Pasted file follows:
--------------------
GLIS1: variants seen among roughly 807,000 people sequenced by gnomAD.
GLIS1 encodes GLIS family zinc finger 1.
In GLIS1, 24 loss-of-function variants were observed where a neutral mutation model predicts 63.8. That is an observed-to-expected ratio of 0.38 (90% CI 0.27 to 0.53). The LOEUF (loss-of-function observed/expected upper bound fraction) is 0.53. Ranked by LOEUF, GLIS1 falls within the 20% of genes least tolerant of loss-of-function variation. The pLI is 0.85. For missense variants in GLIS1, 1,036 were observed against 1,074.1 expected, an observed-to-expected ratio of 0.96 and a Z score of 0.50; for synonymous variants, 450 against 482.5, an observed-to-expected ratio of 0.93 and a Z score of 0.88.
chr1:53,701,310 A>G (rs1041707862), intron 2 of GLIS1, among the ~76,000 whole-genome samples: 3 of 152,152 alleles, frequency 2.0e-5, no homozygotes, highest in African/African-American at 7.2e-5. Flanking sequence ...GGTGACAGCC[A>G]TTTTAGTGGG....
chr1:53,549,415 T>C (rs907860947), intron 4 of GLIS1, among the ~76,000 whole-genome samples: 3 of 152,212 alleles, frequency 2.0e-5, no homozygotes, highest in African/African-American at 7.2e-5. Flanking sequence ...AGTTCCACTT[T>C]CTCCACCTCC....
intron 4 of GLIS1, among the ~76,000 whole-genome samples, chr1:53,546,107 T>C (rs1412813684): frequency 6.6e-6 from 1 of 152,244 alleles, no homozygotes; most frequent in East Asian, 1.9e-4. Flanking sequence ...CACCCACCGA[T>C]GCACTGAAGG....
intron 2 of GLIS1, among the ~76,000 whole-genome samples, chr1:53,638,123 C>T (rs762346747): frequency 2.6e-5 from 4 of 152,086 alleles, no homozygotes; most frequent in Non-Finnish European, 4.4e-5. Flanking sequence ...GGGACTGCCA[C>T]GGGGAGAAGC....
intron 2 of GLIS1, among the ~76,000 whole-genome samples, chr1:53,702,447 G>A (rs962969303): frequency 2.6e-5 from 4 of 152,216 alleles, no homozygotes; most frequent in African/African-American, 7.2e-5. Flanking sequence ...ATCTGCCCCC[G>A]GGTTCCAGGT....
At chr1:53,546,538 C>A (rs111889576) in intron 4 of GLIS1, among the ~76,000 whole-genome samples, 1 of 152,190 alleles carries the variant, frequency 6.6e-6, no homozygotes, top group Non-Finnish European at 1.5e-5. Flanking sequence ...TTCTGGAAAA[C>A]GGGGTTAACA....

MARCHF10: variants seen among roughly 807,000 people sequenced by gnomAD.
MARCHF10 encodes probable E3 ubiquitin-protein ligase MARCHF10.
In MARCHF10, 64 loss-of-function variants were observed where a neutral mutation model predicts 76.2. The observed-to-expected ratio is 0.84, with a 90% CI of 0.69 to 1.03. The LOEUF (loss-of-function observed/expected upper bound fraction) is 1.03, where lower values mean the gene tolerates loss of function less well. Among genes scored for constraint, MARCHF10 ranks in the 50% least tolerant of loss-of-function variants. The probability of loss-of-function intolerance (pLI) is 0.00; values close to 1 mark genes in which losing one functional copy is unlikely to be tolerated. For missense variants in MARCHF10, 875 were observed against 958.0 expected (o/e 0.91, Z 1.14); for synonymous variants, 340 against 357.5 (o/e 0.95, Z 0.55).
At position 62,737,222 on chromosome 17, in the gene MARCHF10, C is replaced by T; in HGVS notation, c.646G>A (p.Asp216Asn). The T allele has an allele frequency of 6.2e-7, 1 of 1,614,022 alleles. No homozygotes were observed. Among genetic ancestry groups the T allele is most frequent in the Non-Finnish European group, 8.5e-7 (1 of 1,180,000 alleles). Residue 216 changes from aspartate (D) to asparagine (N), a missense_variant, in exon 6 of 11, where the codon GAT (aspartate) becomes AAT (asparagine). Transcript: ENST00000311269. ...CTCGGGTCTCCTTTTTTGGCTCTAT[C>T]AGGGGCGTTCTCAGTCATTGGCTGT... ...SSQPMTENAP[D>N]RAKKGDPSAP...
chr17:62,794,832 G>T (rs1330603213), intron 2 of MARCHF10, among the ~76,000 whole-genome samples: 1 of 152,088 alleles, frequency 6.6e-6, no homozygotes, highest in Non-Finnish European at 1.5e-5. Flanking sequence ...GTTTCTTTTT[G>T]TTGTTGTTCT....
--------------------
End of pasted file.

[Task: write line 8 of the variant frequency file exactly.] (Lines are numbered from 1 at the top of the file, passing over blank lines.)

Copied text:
intron 2 of GLIS1, among the ~76,000 whole-genome samples, chr1:53,702,447 G>A (rs962969303): frequency 2.6e-5 from 4 of 152,216 alleles, no homozygotes; most frequent in African/African-American, 7.2e-5. Flanking sequence ...ATCTGCCCCC[G>A]GGTTCCAGGT....